“We had our share of controversy over the event,” acknowledges Gower. “We know that some residents felt it inconvenient that certain roads had restricted car use, but overall the feedback over the event was quite positive. And the road closures were limited to half a day. I’d say we were successful in raising awareness about a community service that is easy to take for granted.”

elevate_logoDespite this success, ICV will not be hosting a Car Free Sunday event for 2013. Instead, the group is using the Elevate the Arts event in downtown Courtenay to provide examples of creative uses of public space such as a temporary installation of a half pipe and a number of temporary ‘parking stall’ parks. ICV will also be providing an opportunity through the ‘Start Here’ community engagement arts project for residents to describe how their public spaces could be ‘enlivened’ to contribute to their quality of life.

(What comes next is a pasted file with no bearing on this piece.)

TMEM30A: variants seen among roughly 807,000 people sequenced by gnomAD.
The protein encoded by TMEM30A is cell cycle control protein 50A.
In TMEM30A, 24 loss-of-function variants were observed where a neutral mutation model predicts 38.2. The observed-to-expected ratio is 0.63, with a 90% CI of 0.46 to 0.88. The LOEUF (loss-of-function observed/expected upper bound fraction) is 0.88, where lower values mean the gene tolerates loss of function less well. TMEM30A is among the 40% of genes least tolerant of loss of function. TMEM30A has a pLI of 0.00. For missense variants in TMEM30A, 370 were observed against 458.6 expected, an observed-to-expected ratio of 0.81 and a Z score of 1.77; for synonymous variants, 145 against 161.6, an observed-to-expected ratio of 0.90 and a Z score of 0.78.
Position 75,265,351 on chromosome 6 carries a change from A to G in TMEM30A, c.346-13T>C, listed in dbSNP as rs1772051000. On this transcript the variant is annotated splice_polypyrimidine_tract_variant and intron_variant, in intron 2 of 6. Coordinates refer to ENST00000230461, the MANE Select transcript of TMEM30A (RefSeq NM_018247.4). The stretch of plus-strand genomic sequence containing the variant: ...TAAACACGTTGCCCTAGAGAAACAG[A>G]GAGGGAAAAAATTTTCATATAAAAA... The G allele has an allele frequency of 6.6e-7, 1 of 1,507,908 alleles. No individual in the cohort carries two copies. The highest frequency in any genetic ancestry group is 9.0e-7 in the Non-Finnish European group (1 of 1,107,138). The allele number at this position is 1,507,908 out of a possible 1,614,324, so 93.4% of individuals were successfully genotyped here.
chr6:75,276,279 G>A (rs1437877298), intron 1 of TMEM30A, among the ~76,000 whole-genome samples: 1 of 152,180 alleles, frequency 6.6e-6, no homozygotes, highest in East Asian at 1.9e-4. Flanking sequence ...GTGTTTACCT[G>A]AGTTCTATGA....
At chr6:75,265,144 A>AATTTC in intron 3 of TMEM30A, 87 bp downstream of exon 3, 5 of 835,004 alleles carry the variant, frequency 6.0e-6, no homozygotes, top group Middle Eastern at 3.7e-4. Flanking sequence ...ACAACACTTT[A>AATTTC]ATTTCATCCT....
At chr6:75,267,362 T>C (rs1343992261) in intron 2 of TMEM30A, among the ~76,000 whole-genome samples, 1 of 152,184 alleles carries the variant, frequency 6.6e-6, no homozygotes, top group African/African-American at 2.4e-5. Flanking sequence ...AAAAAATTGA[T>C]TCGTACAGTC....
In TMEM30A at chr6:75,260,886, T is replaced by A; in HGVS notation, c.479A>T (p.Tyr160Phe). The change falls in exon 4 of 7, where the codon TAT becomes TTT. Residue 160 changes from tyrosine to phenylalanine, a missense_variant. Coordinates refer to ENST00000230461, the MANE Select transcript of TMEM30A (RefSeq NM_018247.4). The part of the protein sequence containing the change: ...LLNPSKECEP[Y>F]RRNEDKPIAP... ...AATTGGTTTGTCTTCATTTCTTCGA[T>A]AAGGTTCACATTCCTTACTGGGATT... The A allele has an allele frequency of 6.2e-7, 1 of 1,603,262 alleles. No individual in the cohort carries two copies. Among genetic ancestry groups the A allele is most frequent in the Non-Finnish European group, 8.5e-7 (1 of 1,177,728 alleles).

MASC_Start-Here-logo_web‘Start Here’ is a community engagement project developed by CVAG in partnership with Imagine Comox Valley, the North Island College Fine Art Department, Highland Secondary, Elevate the Arts and a number of community animators. The highly interactive display will be housed at CVAG and uses a range of media to explore individual and group perceptions of the Valley. ICV will be contributing ‘Be Heard - Masked or Unmasked’, a videography opportunity that enables people to tell their stories. Participants are invited to sit in a tent where they have the option to wear a mask, and tell their story and vision for the Comox Valley to the video screen. Similar to a ‘speakers corner’, the installation provides a seemingly intimate space where imagination can let loose and visions are held. The ‘data’ from the entire ‘Start Here’ event will be used by ICV to create a multi-media presentation of a co-created vision that may be available at CVAG and other venues in the future.